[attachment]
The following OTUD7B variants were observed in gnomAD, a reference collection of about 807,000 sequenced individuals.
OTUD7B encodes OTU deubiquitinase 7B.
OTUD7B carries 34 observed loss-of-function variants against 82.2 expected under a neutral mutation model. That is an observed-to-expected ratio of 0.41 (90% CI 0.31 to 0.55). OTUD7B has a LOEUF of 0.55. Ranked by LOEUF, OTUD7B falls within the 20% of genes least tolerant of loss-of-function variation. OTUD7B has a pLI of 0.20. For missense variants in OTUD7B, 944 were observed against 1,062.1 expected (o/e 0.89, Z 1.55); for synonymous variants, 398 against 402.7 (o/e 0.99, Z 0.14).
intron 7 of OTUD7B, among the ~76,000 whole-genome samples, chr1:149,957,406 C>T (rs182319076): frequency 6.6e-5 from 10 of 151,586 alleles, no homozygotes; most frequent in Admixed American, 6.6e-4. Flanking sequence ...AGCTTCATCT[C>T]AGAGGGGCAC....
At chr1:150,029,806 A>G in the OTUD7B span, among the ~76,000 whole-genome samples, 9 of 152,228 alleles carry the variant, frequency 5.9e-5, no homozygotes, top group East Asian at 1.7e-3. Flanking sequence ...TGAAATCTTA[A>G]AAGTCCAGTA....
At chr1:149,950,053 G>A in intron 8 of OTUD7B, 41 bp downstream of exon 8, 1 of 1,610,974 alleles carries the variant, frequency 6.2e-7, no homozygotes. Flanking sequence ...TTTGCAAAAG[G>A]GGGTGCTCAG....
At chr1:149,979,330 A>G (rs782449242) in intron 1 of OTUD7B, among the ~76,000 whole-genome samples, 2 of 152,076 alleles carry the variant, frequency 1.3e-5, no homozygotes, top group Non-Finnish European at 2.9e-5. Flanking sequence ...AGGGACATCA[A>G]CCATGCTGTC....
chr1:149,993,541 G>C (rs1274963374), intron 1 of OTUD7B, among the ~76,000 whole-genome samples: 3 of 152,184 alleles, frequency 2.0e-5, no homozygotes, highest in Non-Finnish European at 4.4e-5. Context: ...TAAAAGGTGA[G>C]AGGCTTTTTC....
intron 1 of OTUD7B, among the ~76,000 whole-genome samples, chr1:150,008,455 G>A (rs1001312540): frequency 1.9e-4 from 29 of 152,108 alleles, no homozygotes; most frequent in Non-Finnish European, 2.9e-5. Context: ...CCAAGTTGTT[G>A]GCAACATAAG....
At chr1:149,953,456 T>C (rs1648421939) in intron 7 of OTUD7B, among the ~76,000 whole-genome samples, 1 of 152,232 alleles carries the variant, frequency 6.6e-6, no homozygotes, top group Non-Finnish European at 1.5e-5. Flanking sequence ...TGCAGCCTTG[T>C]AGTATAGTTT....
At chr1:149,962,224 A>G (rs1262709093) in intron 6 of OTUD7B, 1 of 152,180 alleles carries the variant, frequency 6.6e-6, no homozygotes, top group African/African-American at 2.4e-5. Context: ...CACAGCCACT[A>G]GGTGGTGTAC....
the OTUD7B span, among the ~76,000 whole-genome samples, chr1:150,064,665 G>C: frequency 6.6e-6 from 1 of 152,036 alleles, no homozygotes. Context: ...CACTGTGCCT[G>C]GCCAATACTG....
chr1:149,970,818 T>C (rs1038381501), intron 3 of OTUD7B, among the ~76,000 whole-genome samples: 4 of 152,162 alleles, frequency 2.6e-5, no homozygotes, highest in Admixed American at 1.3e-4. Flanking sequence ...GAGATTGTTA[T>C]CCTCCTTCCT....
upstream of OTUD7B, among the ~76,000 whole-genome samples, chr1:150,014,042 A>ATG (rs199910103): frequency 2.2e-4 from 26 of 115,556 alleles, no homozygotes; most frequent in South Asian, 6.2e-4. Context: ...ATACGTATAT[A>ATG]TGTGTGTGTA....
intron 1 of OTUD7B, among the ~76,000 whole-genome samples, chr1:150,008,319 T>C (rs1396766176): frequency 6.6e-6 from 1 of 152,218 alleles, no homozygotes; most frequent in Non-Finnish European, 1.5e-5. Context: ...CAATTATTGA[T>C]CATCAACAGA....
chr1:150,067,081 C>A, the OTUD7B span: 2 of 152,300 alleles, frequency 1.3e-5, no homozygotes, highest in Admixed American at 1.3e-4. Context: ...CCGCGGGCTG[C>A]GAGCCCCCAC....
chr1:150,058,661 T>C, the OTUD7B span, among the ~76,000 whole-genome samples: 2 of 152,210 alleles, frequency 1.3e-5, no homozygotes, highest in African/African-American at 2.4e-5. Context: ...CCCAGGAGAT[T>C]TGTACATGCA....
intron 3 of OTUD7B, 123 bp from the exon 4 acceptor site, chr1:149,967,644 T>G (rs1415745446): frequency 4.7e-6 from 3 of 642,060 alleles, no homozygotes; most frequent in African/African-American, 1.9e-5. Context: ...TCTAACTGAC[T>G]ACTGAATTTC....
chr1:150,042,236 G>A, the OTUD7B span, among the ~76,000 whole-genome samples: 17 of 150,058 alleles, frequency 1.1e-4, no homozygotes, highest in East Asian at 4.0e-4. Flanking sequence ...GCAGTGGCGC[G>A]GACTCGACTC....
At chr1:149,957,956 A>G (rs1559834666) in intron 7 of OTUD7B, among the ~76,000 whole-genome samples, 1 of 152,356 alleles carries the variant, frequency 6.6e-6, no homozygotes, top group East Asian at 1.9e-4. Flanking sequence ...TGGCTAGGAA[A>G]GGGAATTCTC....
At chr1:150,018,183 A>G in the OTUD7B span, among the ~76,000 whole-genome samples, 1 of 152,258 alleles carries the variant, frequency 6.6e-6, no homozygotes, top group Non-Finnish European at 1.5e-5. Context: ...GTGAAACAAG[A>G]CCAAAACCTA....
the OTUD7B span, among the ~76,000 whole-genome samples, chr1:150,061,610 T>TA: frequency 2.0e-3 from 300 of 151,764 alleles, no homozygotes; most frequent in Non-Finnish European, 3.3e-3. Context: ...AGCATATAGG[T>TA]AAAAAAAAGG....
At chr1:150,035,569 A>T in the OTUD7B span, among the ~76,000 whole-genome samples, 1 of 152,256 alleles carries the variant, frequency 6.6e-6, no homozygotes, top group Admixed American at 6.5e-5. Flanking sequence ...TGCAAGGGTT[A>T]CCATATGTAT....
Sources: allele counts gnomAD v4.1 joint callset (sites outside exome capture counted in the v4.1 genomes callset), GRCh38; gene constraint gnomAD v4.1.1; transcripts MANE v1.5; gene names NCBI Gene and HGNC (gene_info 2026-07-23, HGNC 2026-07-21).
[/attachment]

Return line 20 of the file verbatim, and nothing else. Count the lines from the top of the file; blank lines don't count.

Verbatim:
At chr1:149,957,956 A>G (rs1559834666) in intron 7 of OTUD7B, among the ~76,000 whole-genome samples, 1 of 152,356 alleles carries the variant, frequency 6.6e-6, no homozygotes, top group East Asian at 1.9e-4. Flanking sequence ...TGGCTAGGAA[A>G]GGGAATTCTC....